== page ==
An Even Bigger Generic Drug Disaster
More alarming than the manufacturing mess-ups and drug recalls is the possibility that clinical research organizations (CROs) that conduct generic drug studies may not be meeting quality standards. These are the companies that give generic drugs to dozens of volunteers and then measure their blood levels to determine if the generic drug is getting into the blood stream at the same rate and amount as the brand name drug that is being copied.
The World Health Organization discovered serious problems at one of the largest organizations, GVK Biosciences in India. The European Medicines Agency accused the company of faking data on roughly 700 different generic drugs from dozens of generic drug companies over a five-year period. As a result of the investigation, European regulators disallowed hundreds of generic drugs based on those clinical trials.
We suspect that the FDA has also relied on data supplied by GVK Biosciences. We asked the agency about these problems and have not received an adequate response. The FDA has not been very forthcoming about generic drugs it might have approved based on GVK data. We don’t understand why the FDA hasn’t disallowed most of the generic drugs tested in GVK facilities. If the European regulators doubt the accuracy of the data, shouldn’t we?
Now, a different company, Quest Life Sciences, has also been warned about defective trials. How this might affect generic drugs in the United States is unknown because once again the FDA has not made its investigations public.
The Bottom Line
The FDA is opaque when it comes to revealing generic drug problems. When a company gets busted for fraud or bad manufacturing practices, the U.S. Food and Drug administration often redacts critical information from its official forms. That means the feds black out key data such as which drugs are involved in a recall or what the specific problems were. The agency also hides the bioequivalence data used to support its generic drug approvals. The justification seems to be that the data is “proprietary.”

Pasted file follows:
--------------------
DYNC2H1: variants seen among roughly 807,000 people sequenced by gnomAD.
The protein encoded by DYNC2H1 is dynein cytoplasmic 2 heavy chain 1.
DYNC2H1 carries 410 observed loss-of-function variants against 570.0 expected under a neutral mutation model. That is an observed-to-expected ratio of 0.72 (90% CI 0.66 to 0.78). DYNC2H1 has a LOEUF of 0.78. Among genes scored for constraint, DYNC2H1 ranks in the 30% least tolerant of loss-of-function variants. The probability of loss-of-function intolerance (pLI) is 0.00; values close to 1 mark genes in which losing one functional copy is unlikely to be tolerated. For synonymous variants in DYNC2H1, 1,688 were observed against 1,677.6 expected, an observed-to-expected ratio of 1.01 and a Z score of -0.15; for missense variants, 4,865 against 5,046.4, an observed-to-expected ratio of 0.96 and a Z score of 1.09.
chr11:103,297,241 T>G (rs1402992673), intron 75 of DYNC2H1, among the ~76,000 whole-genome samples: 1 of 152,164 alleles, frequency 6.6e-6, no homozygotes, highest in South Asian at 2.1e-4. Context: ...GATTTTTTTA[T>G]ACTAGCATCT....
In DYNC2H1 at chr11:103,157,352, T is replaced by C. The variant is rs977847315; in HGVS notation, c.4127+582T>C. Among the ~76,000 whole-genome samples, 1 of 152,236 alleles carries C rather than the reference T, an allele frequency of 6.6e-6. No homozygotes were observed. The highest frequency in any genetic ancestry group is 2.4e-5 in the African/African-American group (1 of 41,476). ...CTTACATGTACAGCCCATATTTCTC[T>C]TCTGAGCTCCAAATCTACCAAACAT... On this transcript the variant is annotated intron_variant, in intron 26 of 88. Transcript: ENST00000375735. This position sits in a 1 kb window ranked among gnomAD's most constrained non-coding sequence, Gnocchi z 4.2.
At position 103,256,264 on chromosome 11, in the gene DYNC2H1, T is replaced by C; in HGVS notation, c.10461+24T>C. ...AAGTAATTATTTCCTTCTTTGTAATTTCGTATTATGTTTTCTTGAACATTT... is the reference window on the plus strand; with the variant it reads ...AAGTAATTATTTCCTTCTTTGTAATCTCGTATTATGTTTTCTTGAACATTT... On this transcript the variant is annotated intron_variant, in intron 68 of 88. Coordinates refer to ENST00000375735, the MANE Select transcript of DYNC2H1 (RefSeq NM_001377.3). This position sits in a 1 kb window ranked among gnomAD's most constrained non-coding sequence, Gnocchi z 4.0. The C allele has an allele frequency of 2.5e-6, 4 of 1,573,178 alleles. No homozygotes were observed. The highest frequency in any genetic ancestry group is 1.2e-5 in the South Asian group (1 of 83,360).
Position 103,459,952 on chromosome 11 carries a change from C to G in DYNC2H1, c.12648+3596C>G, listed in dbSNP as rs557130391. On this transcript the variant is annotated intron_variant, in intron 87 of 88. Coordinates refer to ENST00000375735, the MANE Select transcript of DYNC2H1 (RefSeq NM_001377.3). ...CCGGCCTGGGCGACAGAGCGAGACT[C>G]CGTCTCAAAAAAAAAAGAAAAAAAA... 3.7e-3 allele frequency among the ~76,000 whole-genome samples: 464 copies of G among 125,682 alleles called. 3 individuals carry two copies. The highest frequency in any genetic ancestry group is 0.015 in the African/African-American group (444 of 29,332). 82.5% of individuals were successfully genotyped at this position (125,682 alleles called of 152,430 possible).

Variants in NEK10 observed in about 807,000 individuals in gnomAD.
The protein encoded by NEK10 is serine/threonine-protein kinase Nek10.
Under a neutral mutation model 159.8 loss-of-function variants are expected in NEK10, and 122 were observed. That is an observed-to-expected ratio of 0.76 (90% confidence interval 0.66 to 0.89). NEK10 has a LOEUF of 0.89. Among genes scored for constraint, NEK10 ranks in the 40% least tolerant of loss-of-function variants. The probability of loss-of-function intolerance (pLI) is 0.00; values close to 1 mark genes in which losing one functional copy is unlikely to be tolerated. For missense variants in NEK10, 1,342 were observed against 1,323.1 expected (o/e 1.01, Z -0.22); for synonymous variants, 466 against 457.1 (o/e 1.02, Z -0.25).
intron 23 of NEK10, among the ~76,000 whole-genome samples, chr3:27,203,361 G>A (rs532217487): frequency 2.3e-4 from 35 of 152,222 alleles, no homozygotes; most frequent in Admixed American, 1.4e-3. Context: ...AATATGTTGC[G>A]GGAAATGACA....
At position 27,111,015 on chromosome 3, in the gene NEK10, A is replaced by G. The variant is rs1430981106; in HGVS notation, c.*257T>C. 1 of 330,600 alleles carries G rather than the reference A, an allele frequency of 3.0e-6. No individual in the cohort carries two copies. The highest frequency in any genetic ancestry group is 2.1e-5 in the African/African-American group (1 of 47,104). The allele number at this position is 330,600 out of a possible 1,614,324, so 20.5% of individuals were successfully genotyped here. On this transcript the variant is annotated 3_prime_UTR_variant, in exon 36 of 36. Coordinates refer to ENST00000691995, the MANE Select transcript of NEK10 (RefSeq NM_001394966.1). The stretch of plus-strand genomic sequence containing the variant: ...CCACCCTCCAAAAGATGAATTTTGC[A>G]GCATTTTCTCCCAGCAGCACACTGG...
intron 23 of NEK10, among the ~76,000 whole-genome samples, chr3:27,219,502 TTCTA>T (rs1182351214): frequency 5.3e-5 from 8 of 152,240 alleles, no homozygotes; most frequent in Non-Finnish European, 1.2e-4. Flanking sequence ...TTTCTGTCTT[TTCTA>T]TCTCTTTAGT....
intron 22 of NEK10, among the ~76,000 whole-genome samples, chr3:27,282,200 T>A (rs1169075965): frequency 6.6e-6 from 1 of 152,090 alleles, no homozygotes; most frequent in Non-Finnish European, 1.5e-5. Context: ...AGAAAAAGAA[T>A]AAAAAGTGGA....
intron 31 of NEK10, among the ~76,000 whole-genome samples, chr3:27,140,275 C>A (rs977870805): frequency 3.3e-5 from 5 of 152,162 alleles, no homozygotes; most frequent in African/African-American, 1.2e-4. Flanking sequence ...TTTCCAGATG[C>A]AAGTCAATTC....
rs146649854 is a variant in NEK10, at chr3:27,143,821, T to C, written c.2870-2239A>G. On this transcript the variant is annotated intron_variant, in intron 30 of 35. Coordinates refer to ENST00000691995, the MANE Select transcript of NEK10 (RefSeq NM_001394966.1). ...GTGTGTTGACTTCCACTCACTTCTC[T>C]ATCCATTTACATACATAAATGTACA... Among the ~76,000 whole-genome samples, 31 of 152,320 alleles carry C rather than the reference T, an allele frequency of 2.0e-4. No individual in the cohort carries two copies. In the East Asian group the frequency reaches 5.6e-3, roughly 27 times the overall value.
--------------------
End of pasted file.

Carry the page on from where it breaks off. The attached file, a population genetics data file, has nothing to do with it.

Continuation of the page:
We do not get that. If there are problems with generic drugs, we should be able to know the details so we can pass them along to you. And we believe that every generic drug the FDA approves should have its bioequivalence curves and data made available for public scrutiny. We also think the country of origin should be listed on every drug product sold in the U.S. If you are informed about where your shirt is made or where the plums you eat are grown, why not the medicine you purchase?
It is time for the FDA and the generic drug industry to make everything transparent so doctors, pharmacists, nurses and patients can see what’s going on for themselves. Until that happens, we fear the American public will have serious doubts about generic drug quality. If you agree, let the leadership of the FDA know. Send a message to the Director of the Office of Generic Drugs, Kathleen Uhl, M.D. Her email address is: email@example.com
If you have ever had problems with a generic drug, please let Dr. Uhl know.